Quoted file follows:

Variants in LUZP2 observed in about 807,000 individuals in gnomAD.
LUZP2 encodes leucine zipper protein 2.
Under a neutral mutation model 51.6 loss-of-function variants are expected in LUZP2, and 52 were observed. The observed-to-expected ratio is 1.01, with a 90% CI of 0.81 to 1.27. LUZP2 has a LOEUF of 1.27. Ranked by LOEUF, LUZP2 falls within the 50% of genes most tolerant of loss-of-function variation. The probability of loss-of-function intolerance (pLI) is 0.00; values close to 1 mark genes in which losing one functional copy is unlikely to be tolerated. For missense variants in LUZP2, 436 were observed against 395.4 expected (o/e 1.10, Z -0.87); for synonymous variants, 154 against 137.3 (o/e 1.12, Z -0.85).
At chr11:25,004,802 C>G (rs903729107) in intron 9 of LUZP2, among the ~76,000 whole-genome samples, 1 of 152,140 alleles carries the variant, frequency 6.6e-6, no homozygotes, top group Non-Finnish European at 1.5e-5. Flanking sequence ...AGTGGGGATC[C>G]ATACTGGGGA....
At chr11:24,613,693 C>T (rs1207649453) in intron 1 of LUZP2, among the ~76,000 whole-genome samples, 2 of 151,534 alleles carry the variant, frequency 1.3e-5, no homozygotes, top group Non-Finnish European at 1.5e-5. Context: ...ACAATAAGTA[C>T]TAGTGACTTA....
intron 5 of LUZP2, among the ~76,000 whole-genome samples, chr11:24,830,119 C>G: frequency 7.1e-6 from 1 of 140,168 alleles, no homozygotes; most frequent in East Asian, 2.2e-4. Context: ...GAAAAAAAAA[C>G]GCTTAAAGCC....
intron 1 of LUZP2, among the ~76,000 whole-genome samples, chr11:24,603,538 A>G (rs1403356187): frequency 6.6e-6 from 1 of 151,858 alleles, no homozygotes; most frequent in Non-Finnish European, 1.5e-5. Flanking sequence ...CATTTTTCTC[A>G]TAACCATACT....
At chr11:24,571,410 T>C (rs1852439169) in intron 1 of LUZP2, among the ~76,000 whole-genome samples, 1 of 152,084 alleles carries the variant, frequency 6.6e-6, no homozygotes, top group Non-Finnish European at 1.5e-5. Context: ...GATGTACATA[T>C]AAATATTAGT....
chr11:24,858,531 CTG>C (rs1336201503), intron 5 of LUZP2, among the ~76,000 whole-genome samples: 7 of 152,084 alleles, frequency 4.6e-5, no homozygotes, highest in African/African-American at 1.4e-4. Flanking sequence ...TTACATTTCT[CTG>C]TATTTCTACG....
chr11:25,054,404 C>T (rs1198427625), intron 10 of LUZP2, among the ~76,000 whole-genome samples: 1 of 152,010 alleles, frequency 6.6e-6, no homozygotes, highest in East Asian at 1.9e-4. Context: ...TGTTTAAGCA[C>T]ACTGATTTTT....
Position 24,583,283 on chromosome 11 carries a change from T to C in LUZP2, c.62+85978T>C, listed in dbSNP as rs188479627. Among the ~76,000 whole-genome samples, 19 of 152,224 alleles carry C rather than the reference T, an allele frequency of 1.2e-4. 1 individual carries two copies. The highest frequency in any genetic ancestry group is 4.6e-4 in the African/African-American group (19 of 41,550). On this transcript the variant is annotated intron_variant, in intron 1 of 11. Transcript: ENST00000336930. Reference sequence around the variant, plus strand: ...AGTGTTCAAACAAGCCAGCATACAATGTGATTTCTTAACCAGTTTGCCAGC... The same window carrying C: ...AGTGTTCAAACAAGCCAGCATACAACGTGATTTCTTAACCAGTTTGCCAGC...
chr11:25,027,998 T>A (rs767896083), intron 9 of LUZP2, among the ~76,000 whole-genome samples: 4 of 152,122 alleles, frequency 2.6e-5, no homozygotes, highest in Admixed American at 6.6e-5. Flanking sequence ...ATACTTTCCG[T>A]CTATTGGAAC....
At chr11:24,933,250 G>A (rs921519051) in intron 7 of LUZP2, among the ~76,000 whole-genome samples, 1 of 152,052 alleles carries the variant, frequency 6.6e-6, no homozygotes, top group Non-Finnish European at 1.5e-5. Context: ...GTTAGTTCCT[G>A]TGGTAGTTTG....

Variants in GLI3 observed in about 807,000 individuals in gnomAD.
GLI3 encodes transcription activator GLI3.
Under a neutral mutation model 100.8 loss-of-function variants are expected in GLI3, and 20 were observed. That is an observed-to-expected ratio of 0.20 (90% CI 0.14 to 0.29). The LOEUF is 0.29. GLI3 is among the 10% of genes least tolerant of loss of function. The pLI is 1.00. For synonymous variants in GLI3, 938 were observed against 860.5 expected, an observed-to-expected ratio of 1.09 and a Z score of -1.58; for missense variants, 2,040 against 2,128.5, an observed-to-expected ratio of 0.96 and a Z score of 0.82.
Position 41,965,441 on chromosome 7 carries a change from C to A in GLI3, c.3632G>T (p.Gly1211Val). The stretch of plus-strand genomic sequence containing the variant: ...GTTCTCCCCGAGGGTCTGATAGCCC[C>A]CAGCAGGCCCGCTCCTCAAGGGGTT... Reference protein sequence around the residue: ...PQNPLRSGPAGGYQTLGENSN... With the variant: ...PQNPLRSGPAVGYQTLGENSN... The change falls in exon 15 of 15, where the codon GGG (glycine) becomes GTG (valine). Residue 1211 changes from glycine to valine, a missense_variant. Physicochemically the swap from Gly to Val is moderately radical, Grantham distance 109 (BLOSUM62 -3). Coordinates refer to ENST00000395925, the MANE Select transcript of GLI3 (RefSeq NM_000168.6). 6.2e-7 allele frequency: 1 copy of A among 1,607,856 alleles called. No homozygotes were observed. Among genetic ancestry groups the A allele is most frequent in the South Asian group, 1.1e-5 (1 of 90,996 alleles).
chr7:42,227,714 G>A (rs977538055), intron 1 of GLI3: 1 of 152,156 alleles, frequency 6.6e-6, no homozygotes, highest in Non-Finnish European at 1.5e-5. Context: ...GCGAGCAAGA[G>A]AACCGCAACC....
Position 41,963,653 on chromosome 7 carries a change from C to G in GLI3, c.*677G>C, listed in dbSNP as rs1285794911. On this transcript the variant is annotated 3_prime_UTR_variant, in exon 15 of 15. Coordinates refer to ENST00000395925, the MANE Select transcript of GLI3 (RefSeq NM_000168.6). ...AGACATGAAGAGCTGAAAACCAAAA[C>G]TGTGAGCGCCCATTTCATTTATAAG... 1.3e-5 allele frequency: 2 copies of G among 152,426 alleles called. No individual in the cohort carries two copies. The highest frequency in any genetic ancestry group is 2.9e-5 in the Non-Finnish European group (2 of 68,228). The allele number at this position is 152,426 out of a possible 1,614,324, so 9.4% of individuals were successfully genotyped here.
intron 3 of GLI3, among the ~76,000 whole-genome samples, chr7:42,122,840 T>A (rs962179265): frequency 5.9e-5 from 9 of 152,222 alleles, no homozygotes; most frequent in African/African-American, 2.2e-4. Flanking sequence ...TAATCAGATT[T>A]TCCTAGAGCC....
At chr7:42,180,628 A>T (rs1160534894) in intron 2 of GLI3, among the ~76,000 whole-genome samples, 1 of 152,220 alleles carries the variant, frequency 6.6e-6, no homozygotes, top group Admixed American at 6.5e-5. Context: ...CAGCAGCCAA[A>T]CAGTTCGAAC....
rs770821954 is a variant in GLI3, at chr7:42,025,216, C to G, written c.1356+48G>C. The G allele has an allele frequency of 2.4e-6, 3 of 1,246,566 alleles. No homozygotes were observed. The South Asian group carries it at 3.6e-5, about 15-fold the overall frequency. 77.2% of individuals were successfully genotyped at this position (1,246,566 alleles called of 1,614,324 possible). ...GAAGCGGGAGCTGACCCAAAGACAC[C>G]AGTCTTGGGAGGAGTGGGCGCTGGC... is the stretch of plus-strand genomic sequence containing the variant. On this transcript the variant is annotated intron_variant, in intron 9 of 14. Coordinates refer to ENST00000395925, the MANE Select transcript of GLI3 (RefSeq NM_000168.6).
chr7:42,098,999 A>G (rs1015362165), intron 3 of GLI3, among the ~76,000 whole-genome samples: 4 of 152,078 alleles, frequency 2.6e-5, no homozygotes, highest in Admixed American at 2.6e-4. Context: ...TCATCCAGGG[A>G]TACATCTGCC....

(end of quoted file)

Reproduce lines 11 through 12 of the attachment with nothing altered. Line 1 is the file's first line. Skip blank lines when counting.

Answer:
Position 24,583,283 on chromosome 11 carries a change from T to C in LUZP2, c.62+85978T>C, listed in dbSNP as rs188479627. Among the ~76,000 whole-genome samples, 19 of 152,224 alleles carry C rather than the reference T, an allele frequency of 1.2e-4. 1 individual carries two copies. The highest frequency in any genetic ancestry group is 4.6e-4 in the African/African-American group (19 of 41,550). On this transcript the variant is annotated intron_variant, in intron 1 of 11. Transcript: ENST00000336930. Reference sequence around the variant, plus strand: ...AGTGTTCAAACAAGCCAGCATACAATGTGATTTCTTAACCAGTTTGCCAGC... The same window carrying C: ...AGTGTTCAAACAAGCCAGCATACAACGTGATTTCTTAACCAGTTTGCCAGC...
chr11:25,027,998 T>A (rs767896083), intron 9 of LUZP2, among the ~76,000 whole-genome samples: 4 of 152,122 alleles, frequency 2.6e-5, no homozygotes, highest in Admixed American at 6.6e-5. Flanking sequence ...ATACTTTCCG[T>A]CTATTGGAAC....